After China State Construction Engineering Corp, the nation's largest housing contractor, successfully raised 50.16 billion yuan in the world's biggest initial public offering (IPO) in 16 months, many Chinese real estate companies are trying to stick their hands in stock investors' pockets for money to expand business, or more specifically, to buy more land.
According to an initial estimate by China Economic Weekly, more than 30 property developers in China have lined up plans for public floats in the mainland's A-share market and Hong Kong's H-share market.
Wuhan Langold Real Estate got regulatory approval on Friday for its public float and became the first real estate company to go public after the securities regulator lifted the ban on initial public offerings.
Applications of four more real estate companies are also awaiting regulatory approval, said the report on China Economic Weekly yesterday.
Most of the companies have said they would utilize the funds raised for acquiring more land, the report said.
"This is nothing new as that is what property developers normally do," Ding Wen, analyst, China Galaxy Securities Co, said without elaborating.
China Vanke, the country's largest property developer by market value, has also signaled its intention to look for equity financing this year.
Xiao Li, vice-president of Vanke, last week said: "We are actively exploring the possibility of refinancing." Vanke had raised 25 billion yuan in nine refinancing activities in the past 21 years.
The company expanded its land reserves by large margins from May to July and bought 19 pieces of land, with a total area of 4.5 million sq meters.
However, the policymakers might not be happy about how they are making use of investors' money.
"The securities regulator is in support of good real estate firms seeking funds through IPOs for expansion," the report said, citing an unnamed source familiar with the regulator.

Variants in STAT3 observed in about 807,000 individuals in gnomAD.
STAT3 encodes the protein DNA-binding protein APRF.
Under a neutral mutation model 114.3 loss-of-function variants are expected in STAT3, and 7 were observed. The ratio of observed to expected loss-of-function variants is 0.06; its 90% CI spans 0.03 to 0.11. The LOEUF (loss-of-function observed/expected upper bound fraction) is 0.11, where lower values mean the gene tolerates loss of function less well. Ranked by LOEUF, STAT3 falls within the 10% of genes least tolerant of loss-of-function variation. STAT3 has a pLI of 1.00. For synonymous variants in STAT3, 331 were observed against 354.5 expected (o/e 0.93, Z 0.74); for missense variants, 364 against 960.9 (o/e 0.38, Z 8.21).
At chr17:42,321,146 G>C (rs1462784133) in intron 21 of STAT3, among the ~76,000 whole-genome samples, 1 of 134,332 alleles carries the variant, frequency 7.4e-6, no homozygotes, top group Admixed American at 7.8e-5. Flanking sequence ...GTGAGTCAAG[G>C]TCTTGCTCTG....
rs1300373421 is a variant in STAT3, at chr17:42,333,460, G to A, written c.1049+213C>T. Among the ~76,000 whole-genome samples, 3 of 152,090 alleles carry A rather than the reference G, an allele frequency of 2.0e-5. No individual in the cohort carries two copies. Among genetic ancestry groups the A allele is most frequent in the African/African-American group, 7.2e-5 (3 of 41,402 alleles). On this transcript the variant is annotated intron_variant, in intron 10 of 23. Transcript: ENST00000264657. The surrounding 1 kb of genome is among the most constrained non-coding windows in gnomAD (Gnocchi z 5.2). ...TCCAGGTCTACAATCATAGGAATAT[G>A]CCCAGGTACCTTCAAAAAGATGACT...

It added that the regulator might not allow the firms to use the funds for stockpiling land, as it's not healthy for the stability of China's property market.
"The securities regulator will be more strict in the subsequent IPO approvals," the source said.
Feverish land purchases among property developers have driven land prices to record highs even in some second-tier cities. That in turn would push up housing prices eventually and thus result in more complaints from people who cannot afford to buy apartments.
According to Ren Zhiqiang, head of a realty firm, his company finds it difficult to match up with the cash-flush State-owned realty developers in getting access to cheap bank loans.
"The State-owned companies can borrow at a low interest rate of 3 percent, while private firms have to pay a much higher rate of 5 to 6 percent," Ren said.
Jerry Lou, Hong Kong-based China strategist for Morgan Stanley, recently suggested that stock market investors should avoid sectors which are sensitive to monetary and fiscal policy, such as property, because they are exposed to policy uncertainties.
The real estate sector, according to Lou, was the early beneficiaries of the stimulus-driven economic recovery.
Property stocks, which have gained 142 percent this year, are the best-performing group on the benchmark Shanghai Composite Index.
(China Daily August 11, 2009)